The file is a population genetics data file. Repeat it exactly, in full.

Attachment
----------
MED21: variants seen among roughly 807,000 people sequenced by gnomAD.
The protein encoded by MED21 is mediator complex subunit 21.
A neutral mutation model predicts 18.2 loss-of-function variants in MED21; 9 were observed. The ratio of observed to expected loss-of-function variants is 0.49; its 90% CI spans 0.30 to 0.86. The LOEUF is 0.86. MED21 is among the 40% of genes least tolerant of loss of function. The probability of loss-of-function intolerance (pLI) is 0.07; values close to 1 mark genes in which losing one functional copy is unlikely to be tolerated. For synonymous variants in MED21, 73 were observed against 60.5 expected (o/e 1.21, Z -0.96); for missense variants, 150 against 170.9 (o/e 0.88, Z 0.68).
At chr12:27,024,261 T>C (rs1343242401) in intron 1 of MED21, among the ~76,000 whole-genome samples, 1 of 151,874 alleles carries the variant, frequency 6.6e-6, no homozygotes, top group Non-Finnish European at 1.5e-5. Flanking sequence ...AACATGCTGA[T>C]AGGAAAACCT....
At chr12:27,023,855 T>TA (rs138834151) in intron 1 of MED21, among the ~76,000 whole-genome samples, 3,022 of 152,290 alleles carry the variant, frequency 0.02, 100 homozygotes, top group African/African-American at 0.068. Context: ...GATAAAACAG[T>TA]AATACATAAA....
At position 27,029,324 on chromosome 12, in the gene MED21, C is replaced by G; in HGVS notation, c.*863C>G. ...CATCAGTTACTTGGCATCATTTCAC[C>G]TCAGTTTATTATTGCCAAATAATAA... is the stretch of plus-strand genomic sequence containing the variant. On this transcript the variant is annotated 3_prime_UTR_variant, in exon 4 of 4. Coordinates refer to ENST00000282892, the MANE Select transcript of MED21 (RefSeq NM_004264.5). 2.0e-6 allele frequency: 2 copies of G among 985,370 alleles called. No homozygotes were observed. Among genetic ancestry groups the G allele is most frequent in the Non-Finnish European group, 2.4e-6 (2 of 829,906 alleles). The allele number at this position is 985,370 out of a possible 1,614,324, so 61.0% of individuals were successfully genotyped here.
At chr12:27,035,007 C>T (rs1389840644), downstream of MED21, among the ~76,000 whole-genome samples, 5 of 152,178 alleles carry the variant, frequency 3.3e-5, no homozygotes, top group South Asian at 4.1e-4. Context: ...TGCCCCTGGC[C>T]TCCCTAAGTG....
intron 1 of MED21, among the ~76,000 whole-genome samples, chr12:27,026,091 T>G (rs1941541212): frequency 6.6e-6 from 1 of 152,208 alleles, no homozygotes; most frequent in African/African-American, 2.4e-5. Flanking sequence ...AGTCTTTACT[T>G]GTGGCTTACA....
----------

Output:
MED21: variants seen among roughly 807,000 people sequenced by gnomAD.
The protein encoded by MED21 is mediator complex subunit 21.
A neutral mutation model predicts 18.2 loss-of-function variants in MED21; 9 were observed. The ratio of observed to expected loss-of-function variants is 0.49; its 90% CI spans 0.30 to 0.86. The LOEUF is 0.86. MED21 is among the 40% of genes least tolerant of loss of function. The probability of loss-of-function intolerance (pLI) is 0.07; values close to 1 mark genes in which losing one functional copy is unlikely to be tolerated. For synonymous variants in MED21, 73 were observed against 60.5 expected (o/e 1.21, Z -0.96); for missense variants, 150 against 170.9 (o/e 0.88, Z 0.68).
At chr12:27,024,261 T>C (rs1343242401) in intron 1 of MED21, among the ~76,000 whole-genome samples, 1 of 151,874 alleles carries the variant, frequency 6.6e-6, no homozygotes, top group Non-Finnish European at 1.5e-5. Flanking sequence ...AACATGCTGA[T>C]AGGAAAACCT....
At chr12:27,023,855 T>TA (rs138834151) in intron 1 of MED21, among the ~76,000 whole-genome samples, 3,022 of 152,290 alleles carry the variant, frequency 0.02, 100 homozygotes, top group African/African-American at 0.068. Context: ...GATAAAACAG[T>TA]AATACATAAA....
At position 27,029,324 on chromosome 12, in the gene MED21, C is replaced by G; in HGVS notation, c.*863C>G. ...CATCAGTTACTTGGCATCATTTCAC[C>G]TCAGTTTATTATTGCCAAATAATAA... is the stretch of plus-strand genomic sequence containing the variant. On this transcript the variant is annotated 3_prime_UTR_variant, in exon 4 of 4. Coordinates refer to ENST00000282892, the MANE Select transcript of MED21 (RefSeq NM_004264.5). 2.0e-6 allele frequency: 2 copies of G among 985,370 alleles called. No homozygotes were observed. Among genetic ancestry groups the G allele is most frequent in the Non-Finnish European group, 2.4e-6 (2 of 829,906 alleles). The allele number at this position is 985,370 out of a possible 1,614,324, so 61.0% of individuals were successfully genotyped here.
At chr12:27,035,007 C>T (rs1389840644), downstream of MED21, among the ~76,000 whole-genome samples, 5 of 152,178 alleles carry the variant, frequency 3.3e-5, no homozygotes, top group South Asian at 4.1e-4. Context: ...TGCCCCTGGC[C>T]TCCCTAAGTG....
intron 1 of MED21, among the ~76,000 whole-genome samples, chr12:27,026,091 T>G (rs1941541212): frequency 6.6e-6 from 1 of 152,208 alleles, no homozygotes; most frequent in African/African-American, 2.4e-5. Flanking sequence ...AGTCTTTACT[T>G]GTGGCTTACA....